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Network Communications Networking The Military Wireless Networking Technology

DARPA Begins Work On 100Gbps Wireless Tech With 120-mile Range 83

MrSeb writes "DARPA has begun development of a wireless communications link that is capable of 100 gigabits per second over a range of 200 kilometers (124mi). Officially dubbed '100 Gb/s RF Backbone' (or 100G for short), the program will provide the U.S. military with networks that are around 50 times faster than its current wireless links. In essence, DARPA wants to give deployed soldiers the same kind of connectivity as a high-bandwidth, low-latency fiber-optic network. In the case of Afghanistan, for example, the U.S. might have a high-speed fiber link to Turkey — but the remaining 1,000 miles to Afghanistan most likely consists of low-bandwidth, high-latency links. It's difficult (and potentially insecure) to control UAVs or send/receive intelligence over these networks, and so the U.S. military instead builds its own wireless network using Common Data Link. CDL maxes out at around 250Mbps, so 100Gbps would be quite a speed boost. DARPA clearly states that the 100G program is for US military use — but it's hard to ignore the repercussions it might have on commercial networks, too. 100Gbps wireless backhaul links between cell towers, rather than costly and cumbersome fiber links, would make it much easier and cheaper to roll out additional mobile coverage. Likewise, 100Gbps wireless links might be the ideal way to provide backhaul links to rural communities that are still stuck with dial-up internet access. Who knows, we might even one day have 100Gbps wireless links to our ISP."
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DARPA Begins Work On 100Gbps Wireless Tech With 120-mile Range

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  • by mcgrew ( 92797 ) * on Monday December 17, 2012 @01:16PM (#42315149) Homepage Journal

    I don't know why I'm responding since you're AC and won't see it, but if someone else is wondering the same thing, you can hear an FM radio broadcast for a couple hundred miles in some conditions. That radio station has a 50,000 watt transmitter, but the power drops off inversely. By the time it reaches your property it's only milliwatts.

  • by Baloroth ( 2370816 ) on Monday December 17, 2012 @01:48PM (#42315415)

    This is so much pie-in-the-sky bullshit I can't even believe it. I hear about this kind of thing year after year, and it never happens.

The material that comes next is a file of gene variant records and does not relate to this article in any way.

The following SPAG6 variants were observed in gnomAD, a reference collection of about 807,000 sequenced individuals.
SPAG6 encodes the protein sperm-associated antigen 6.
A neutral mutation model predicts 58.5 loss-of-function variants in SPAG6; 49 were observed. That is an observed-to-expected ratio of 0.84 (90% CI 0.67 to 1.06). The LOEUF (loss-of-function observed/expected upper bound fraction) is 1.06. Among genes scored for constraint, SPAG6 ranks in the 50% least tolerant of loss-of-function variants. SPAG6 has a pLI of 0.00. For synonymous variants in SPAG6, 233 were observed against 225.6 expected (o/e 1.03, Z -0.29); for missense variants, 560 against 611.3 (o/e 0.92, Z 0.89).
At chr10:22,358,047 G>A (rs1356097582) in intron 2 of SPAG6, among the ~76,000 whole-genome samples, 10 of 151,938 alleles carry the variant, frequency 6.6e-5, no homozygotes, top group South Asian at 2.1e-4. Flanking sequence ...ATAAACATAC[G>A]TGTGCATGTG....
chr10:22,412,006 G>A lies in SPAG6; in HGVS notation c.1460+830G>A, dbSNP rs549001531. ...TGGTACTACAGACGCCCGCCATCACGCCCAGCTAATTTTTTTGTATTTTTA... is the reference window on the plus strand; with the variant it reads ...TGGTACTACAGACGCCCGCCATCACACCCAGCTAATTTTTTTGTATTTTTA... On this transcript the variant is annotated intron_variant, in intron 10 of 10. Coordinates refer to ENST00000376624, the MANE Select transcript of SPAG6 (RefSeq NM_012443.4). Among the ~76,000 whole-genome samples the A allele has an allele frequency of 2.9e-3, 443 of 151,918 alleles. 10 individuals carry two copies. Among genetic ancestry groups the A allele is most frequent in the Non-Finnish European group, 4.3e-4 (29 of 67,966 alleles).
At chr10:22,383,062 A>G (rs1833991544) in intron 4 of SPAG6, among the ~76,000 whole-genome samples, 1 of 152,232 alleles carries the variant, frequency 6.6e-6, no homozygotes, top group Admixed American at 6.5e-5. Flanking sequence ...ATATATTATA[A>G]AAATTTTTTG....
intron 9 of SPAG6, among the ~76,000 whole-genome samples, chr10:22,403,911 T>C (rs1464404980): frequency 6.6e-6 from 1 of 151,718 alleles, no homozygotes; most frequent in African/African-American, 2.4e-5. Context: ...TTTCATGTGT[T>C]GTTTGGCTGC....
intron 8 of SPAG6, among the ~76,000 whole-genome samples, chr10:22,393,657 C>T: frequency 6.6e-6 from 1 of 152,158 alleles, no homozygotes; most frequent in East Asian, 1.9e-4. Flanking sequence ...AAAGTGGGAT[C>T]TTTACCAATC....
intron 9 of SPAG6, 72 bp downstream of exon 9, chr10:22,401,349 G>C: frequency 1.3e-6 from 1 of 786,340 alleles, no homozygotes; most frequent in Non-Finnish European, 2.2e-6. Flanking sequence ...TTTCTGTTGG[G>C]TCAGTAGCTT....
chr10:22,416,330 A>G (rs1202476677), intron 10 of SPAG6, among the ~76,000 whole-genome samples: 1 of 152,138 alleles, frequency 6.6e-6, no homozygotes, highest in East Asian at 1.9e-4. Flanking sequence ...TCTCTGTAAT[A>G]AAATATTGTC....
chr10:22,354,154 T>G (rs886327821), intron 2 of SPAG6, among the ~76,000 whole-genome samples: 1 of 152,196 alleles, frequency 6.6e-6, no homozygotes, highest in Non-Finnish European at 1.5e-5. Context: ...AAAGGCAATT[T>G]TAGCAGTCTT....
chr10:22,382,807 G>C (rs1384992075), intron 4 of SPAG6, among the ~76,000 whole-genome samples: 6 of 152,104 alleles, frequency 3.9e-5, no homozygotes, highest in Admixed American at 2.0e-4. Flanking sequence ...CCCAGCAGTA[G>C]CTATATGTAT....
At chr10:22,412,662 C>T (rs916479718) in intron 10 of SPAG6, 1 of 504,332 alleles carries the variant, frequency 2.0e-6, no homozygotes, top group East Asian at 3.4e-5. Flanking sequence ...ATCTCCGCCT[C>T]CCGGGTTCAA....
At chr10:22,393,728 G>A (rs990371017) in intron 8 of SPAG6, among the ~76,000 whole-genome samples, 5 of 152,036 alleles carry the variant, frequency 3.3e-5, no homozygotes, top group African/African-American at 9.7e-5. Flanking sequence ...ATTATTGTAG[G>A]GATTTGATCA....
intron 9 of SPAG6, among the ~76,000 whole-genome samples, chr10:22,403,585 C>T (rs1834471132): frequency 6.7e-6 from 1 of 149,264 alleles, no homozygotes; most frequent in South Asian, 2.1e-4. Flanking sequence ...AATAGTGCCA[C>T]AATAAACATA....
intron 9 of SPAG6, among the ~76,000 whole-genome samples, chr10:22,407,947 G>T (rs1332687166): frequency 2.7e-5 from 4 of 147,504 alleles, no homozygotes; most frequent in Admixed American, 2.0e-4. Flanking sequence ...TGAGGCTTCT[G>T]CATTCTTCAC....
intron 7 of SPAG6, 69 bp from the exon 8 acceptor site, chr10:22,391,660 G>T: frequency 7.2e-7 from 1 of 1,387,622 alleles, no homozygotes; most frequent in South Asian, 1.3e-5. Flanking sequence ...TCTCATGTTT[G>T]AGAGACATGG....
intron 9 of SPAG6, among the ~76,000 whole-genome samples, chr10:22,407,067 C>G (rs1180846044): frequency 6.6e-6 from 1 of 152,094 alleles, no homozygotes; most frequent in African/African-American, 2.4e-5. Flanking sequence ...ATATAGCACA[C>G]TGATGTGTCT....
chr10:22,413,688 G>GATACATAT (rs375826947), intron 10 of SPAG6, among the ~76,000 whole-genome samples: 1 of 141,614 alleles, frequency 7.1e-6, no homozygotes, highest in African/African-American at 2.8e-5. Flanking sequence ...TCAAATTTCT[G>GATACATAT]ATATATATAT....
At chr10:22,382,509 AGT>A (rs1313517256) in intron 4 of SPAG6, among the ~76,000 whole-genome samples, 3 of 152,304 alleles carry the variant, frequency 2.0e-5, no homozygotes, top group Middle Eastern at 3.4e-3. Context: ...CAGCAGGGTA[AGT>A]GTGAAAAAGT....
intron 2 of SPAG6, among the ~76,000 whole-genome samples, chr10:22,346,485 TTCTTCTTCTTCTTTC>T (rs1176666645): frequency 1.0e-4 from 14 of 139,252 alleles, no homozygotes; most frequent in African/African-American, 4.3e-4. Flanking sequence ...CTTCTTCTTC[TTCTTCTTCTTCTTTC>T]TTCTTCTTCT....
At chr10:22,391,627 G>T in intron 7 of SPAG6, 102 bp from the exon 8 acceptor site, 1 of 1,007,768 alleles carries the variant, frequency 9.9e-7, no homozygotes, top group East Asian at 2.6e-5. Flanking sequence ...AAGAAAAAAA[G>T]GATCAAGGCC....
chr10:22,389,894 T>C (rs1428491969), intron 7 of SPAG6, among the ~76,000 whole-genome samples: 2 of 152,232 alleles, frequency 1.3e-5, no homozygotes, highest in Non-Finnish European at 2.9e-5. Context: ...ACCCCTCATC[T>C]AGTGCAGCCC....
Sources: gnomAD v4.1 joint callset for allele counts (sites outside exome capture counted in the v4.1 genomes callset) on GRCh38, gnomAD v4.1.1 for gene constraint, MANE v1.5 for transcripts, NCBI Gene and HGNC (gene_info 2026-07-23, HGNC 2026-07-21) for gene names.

This is DARPA, a company for whom "aim at the sky" is more of a directive rather than a metaphor. Some of there other work includes flying tanks, passive radar systems, stealth ships, onion routing, and wide area interconnected computer networks. Most of it doesn't work, of course... but when it does, we get something no one else would have bothered developing.

  • by Anonymous Coward on Monday December 17, 2012 @01:51PM (#42315449)
    "Defence []" is [] perfectly [] acceptable [].
  • by CaptainNerdCave ( 982411 ) on Monday December 17, 2012 @02:53PM (#42316143)

    The problem that was already addressed is the curving of earth, because it can be overcome with height. Let's sustain that increasing the altitude of your dishes will allow greater distance without the sphere's shape interfering, you still have all of the factors associated with those heights: weather, cost of getting there, service, general maintenance.

    Maintenance: How easy is it to remove ice? Snow? What about the cost of maintaining the tower?

    Service: What do you do when you can't communicate with the unit, and you've ruled out everything except the cable between the unit and it's nearest point of contact?

    Cost: This is a broader issue than maintenance, because it allows for not owning the tower/building. Tower space is premium, building roof-tops are premium, labor to install, service, or repair is EXTRA premium. Not only do you need guys willing to climb 200+ feet, but they need to be technically capable. [] charges no less than $250/hr.

    Weather: Why don't you see point-to-point connections on towers that are 200ft up on towers? Because the bandwidth requires very high frequencies, and those frequencies are very susceptible to any movement caused by wind. I've seen a gentle breeze (on the ground) turn a wireless link from -45 dbi to -60. Let's not forget rain and snow.

    The only good ways to mount an antenna or dish at a height, and ensure reliability, are with a very large antenna (think something with 3 or 4 legs and covering at least 400 feet^2), or a building.

  • Re:120 mile range? (Score:4, Informative)

    by Eevee ( 535658 ) on Monday December 17, 2012 @03:00PM (#42316235)
    Well, if Slashdot ever bothered linking to the original article [], you'd see:

    The goal is to create a 100 Gb/s data link that achieves a range greater than 200 kilometers between airborne assets and a range greater than 100 kilometers between an airborne asset (at 60,000 feet) and the ground.

Our business in life is not to succeed but to continue to fail in high spirits. -- Robert Louis Stevenson